requires a seven per cent threshold vote. Anti-populism and anti-pluralism
characterise Russia today. "I voted for Putin because Russia has become a strong
country. I lived through that nightmare of the Yeltsin era. It's like night and
day," said Sergei Troshin after voting for United Russia.
Putin seems to thrive on populism, but it is a top-down populism. People
are sovereign here in as much as they identify with the sovereign and vice
versa, and in as much as the ruling elite in league with him is perceived as
embodying reason and the national welfare. Putin's enormously popular phone-in
meetings with citizens through live- hookup, telephone, e-mail and text
messaging are clearly a way to make sure the people have a chance to actively
identify with their sovereign.
Elections are not so much an instrument for expressing conflicting
interests as for demonstrating the identity of the governors and the governed;
not so much a mechanism for representing people but for representing and
legitimating power in the eyes of the people. The concept of sovereign democracy
embodies Russia's ideological ambition to be "the other Europe" -- an
alternative to the European Union, just as the Soviet Union was in its day, and
just as Fidel Castro and Chavez's state socialism embodies "the other Latin
As enchantment with the model of liberal democracy erodes -- just look at
the farce of the current US presidential campaign -- the attractiveness of these
alternatives grows. A strong sovereign representing the interests of the nation,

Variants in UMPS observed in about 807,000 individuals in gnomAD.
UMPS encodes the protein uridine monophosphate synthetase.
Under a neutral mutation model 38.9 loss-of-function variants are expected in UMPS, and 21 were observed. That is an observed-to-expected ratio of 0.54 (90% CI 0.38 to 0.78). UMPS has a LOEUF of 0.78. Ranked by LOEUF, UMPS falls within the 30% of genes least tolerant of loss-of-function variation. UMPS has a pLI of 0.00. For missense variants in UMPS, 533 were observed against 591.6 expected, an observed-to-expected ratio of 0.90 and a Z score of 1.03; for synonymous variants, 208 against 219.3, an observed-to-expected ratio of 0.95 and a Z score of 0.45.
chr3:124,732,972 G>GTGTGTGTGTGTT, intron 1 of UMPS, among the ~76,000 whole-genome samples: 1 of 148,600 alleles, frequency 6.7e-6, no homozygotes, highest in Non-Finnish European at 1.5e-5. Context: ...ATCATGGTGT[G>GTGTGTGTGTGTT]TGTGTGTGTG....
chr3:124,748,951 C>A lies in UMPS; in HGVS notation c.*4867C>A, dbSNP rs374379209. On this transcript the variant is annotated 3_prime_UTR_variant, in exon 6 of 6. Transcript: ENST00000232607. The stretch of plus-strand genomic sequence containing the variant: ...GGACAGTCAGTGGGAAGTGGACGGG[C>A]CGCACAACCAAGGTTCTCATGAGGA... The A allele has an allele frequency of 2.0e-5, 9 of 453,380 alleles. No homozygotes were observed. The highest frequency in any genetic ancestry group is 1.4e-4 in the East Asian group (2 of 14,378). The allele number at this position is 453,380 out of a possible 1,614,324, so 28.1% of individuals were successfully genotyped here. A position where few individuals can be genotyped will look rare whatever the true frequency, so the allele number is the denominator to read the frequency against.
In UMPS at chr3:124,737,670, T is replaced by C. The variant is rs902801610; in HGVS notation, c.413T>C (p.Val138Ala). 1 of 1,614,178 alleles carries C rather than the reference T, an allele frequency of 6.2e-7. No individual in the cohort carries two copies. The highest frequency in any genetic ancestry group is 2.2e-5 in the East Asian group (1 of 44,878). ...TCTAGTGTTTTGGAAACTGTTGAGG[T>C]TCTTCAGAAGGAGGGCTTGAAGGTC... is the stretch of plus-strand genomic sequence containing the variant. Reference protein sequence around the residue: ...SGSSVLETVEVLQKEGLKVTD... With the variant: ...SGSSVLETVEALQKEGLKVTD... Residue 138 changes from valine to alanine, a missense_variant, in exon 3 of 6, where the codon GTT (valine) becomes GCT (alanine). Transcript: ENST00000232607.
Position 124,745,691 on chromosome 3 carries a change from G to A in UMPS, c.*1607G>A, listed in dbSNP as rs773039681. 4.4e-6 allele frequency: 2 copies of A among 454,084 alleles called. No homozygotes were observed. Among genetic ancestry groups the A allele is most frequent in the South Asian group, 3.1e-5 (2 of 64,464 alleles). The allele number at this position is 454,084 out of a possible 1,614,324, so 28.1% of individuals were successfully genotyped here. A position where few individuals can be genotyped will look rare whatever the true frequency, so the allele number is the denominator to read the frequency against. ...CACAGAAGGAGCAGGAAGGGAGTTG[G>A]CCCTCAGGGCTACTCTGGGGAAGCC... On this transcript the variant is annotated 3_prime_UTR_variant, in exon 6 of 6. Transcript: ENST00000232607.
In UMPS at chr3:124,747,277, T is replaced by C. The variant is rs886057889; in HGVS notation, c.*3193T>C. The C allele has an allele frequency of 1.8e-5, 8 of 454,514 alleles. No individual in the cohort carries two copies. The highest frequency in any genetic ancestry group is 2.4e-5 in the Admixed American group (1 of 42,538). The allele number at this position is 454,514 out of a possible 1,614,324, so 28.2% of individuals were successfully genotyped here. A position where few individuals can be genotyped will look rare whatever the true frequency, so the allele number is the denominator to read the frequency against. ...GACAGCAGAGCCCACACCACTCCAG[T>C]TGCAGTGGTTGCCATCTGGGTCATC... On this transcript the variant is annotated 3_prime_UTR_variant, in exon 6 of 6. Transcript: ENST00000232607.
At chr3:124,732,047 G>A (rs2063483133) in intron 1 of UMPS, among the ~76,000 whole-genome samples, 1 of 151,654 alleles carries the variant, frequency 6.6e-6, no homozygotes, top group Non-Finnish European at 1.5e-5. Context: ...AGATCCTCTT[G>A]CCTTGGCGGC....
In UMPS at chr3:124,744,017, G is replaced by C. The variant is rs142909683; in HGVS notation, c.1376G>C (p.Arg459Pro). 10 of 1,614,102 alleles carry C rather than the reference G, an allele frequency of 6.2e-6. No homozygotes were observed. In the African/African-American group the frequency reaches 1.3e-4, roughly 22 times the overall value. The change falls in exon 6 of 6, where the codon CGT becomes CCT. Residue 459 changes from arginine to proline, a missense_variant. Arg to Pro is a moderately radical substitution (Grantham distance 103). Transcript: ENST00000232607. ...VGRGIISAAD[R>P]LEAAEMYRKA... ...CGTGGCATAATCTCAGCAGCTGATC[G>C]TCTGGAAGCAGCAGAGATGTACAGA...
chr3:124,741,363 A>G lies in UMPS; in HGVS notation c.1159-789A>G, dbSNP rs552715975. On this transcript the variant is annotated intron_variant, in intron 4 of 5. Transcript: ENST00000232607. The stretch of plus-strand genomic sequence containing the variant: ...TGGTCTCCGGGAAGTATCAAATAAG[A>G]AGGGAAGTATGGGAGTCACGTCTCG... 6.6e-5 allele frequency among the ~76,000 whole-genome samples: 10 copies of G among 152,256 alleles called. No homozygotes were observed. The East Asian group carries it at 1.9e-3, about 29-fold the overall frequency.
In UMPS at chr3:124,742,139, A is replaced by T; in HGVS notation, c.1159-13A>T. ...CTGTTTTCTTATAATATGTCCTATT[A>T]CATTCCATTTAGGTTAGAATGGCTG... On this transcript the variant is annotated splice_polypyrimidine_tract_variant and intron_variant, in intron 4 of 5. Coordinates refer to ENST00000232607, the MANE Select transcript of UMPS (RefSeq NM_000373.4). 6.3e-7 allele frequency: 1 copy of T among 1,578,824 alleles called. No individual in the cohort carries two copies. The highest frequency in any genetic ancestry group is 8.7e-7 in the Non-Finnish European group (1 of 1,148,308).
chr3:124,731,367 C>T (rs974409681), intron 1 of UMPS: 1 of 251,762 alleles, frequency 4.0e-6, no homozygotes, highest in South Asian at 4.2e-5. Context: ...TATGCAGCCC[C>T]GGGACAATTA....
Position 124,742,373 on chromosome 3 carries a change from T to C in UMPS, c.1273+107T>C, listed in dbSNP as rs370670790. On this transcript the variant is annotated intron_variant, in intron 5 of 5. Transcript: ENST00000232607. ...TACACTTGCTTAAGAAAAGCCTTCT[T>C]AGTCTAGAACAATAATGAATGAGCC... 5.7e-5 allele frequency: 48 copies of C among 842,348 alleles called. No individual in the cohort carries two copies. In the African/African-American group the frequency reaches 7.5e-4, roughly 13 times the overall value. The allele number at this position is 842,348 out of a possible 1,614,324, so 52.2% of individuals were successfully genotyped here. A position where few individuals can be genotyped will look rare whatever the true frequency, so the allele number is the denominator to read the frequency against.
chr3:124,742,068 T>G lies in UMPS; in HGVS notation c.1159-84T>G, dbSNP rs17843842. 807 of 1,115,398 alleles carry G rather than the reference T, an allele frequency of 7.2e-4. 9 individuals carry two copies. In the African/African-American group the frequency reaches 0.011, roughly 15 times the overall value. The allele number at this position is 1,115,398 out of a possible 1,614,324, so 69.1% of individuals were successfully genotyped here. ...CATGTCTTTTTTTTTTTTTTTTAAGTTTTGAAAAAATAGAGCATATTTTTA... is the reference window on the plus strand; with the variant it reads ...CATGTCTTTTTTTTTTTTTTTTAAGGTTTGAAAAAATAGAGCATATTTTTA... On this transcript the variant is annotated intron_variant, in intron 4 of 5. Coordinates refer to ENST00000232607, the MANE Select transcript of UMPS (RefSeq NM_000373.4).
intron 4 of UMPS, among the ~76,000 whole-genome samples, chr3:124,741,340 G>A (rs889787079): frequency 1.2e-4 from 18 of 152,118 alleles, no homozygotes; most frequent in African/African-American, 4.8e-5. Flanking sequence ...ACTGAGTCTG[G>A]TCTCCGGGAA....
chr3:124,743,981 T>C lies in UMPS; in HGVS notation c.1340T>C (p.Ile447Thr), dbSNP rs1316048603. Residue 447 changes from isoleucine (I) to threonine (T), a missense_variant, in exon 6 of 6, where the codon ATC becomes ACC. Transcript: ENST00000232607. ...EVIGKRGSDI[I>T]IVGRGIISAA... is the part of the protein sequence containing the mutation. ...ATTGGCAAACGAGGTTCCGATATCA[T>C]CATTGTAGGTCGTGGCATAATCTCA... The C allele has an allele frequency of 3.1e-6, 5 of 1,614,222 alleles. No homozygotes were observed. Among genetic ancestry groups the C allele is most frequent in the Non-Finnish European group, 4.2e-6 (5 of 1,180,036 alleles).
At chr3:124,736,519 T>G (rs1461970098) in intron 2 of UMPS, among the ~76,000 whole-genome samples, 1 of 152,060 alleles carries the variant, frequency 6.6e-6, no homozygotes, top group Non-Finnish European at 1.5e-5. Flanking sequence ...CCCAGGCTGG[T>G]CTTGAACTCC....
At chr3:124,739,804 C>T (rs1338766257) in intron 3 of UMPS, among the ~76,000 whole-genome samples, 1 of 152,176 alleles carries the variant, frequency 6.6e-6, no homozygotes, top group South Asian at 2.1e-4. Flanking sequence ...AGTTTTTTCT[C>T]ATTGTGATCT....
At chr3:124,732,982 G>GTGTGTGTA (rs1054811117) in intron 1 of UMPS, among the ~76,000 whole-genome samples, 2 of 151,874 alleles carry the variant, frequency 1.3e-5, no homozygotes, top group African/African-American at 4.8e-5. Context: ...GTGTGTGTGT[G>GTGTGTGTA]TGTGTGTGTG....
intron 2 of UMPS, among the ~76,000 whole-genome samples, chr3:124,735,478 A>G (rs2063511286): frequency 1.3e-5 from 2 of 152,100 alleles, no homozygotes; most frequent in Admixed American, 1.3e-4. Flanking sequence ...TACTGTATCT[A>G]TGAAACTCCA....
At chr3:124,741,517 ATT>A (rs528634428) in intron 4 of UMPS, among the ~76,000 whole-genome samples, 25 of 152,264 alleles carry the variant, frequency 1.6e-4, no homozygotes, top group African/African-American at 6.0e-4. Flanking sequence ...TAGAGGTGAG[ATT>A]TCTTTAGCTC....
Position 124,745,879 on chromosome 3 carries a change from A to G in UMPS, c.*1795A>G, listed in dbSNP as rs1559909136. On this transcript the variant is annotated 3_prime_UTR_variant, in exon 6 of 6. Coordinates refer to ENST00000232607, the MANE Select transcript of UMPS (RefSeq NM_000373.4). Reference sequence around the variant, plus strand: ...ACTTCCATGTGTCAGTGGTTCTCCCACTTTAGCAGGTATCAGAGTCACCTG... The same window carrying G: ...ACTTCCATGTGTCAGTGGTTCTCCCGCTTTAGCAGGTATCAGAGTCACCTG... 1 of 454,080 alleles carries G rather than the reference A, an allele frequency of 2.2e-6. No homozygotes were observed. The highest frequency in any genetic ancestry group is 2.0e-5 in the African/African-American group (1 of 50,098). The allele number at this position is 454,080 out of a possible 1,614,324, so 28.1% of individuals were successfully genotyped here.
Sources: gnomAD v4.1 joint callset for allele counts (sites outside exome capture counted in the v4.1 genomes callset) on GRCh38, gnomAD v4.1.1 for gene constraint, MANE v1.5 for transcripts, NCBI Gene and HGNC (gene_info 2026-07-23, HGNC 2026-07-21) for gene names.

backed by a loyal elite, smacks of feudalism, but is beginning to look good in
the 21st century.
"My view is simply that the modus operandi of Russia is enlightened
conservatism, " said eminent film director Nikita Mikhailkov, an ardent supporter
of Putin. "Why are people frightened of patriotism? There's a lot of worrying
among the intelligentsia about teaching the basics of Orthodox culture. It's a
hysteria. Russia needs authority. Maybe for the so-called civilised world this
sounds like nonsense. But chaos in Russia is a catastrophe for everyone."
In reply to Mikhailkov, Alexandr Gelman, a playwright who rose to
prominence during perestroika, says, "In the Soviet era there was only
one party but there were plays and books that supported the idea of democracy.
The less democracy, the more cultural figures matter. If the tendency against
democracy continues, cultural figures will gain more influence."
"Today we are successful in politics, economics, arts, sciences, sports,"
trumpets the announcer in one advertisement, accompanied by a brass band and
images of Putin and other smiling Russians. "We have reasons for pride. We enjoy
respect and deference. We are citizens of a great country, and we have great
victories ahead. Putin's plan is a victory for Russia!" Hokey maybe, but
The problem, of course, is how power changes hands. So far Putin has
refused to pursue a constitutional amendment to allow him a third term though
there is pressure for him to do so. His push to make United Russia the
establishment party intends to guarantee stability. The party is expected to
convene on 17 December to name a candidate who will run in the presidential
elections next March. Sergei Markov, a political analyst and United Russia
member, said Putin was likely to endorse at least two candidates.